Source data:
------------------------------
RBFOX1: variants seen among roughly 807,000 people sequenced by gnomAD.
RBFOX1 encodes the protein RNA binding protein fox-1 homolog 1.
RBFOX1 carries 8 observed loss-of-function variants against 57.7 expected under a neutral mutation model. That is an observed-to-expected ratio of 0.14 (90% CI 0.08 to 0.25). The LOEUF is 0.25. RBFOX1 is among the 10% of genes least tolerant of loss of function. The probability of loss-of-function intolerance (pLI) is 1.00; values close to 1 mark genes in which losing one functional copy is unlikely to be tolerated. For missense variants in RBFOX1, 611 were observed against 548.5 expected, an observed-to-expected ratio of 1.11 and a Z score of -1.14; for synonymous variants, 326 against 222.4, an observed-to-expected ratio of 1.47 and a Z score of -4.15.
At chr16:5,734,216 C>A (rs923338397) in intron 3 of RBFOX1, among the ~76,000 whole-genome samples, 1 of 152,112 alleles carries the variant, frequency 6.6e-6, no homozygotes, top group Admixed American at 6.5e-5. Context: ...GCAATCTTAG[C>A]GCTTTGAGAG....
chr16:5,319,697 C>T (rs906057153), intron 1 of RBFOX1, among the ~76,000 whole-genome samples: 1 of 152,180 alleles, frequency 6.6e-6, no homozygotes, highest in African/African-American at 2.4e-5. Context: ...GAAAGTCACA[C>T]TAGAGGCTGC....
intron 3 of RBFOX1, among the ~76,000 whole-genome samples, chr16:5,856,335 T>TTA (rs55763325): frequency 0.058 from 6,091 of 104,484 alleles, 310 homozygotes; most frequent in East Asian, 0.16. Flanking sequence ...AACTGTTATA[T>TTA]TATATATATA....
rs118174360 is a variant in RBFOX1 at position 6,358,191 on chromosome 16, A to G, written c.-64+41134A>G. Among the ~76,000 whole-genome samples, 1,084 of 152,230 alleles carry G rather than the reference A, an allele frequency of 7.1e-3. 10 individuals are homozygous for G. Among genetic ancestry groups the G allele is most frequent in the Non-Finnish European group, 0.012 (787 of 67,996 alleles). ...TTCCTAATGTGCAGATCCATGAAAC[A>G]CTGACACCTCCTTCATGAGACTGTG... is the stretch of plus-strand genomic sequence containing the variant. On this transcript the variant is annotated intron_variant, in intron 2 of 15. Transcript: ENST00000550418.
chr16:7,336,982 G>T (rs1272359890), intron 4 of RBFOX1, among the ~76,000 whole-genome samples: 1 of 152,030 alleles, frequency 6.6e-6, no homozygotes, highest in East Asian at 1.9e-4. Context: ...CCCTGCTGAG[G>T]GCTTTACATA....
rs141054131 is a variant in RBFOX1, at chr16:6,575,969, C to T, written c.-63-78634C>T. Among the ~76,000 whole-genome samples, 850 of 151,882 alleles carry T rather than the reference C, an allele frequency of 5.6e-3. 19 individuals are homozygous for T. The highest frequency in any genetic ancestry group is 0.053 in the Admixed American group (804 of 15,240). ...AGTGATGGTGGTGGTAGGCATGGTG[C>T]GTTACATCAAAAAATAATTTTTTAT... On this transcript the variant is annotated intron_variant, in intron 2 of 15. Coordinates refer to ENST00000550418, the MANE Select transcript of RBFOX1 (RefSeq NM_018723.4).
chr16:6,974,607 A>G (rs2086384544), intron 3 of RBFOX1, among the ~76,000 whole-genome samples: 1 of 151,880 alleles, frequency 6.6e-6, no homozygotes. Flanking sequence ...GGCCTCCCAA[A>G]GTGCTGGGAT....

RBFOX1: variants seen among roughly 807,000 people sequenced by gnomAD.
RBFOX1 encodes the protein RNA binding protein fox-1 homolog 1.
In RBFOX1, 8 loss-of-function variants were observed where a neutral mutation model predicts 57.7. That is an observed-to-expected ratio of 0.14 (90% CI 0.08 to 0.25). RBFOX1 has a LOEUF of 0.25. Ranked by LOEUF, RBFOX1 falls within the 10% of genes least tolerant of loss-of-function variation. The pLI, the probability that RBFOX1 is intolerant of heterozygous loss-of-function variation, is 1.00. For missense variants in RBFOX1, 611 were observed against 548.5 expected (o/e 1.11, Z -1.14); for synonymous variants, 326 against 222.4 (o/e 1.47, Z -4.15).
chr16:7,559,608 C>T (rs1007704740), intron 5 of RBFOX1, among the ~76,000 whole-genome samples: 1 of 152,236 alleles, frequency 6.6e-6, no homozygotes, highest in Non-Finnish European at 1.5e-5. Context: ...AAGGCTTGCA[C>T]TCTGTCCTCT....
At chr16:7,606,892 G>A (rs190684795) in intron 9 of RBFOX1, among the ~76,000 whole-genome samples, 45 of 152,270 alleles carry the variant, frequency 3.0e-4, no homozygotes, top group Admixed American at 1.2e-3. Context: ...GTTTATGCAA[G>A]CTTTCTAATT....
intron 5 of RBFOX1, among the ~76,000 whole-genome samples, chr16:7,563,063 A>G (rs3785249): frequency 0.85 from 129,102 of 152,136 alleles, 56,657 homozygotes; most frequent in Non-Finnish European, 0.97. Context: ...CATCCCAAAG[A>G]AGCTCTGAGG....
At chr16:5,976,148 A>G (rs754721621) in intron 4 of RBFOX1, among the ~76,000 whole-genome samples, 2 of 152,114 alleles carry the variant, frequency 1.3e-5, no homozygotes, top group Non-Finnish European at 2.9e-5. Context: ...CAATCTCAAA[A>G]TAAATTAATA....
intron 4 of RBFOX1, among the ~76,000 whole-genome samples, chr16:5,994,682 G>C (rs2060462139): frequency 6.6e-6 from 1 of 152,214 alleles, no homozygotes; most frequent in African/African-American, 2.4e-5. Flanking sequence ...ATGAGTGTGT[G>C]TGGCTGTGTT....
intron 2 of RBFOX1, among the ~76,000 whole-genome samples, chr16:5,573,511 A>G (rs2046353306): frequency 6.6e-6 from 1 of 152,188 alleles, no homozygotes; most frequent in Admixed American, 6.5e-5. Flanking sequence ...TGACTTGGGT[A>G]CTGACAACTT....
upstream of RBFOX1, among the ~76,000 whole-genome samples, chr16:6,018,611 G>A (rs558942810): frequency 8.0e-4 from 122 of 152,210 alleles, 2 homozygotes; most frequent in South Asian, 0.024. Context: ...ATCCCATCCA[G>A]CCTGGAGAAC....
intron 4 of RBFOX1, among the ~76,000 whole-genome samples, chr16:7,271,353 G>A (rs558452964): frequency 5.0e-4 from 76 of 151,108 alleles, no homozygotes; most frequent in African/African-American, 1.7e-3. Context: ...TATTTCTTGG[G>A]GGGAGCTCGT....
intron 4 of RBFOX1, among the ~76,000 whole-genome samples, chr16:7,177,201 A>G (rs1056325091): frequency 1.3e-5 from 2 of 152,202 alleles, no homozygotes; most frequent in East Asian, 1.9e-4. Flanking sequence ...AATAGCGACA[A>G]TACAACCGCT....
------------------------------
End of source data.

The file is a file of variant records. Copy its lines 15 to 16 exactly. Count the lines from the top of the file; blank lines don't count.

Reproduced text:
At chr16:7,606,892 G>A (rs190684795) in intron 9 of RBFOX1, among the ~76,000 whole-genome samples, 45 of 152,270 alleles carry the variant, frequency 3.0e-4, no homozygotes, top group Admixed American at 1.2e-3. Context: ...GTTTATGCAA[G>A]CTTTCTAATT....
intron 5 of RBFOX1, among the ~76,000 whole-genome samples, chr16:7,563,063 A>G (rs3785249): frequency 0.85 from 129,102 of 152,136 alleles, 56,657 homozygotes; most frequent in Non-Finnish European, 0.97. Context: ...CATCCCAAAG[A>G]AGCTCTGAGG....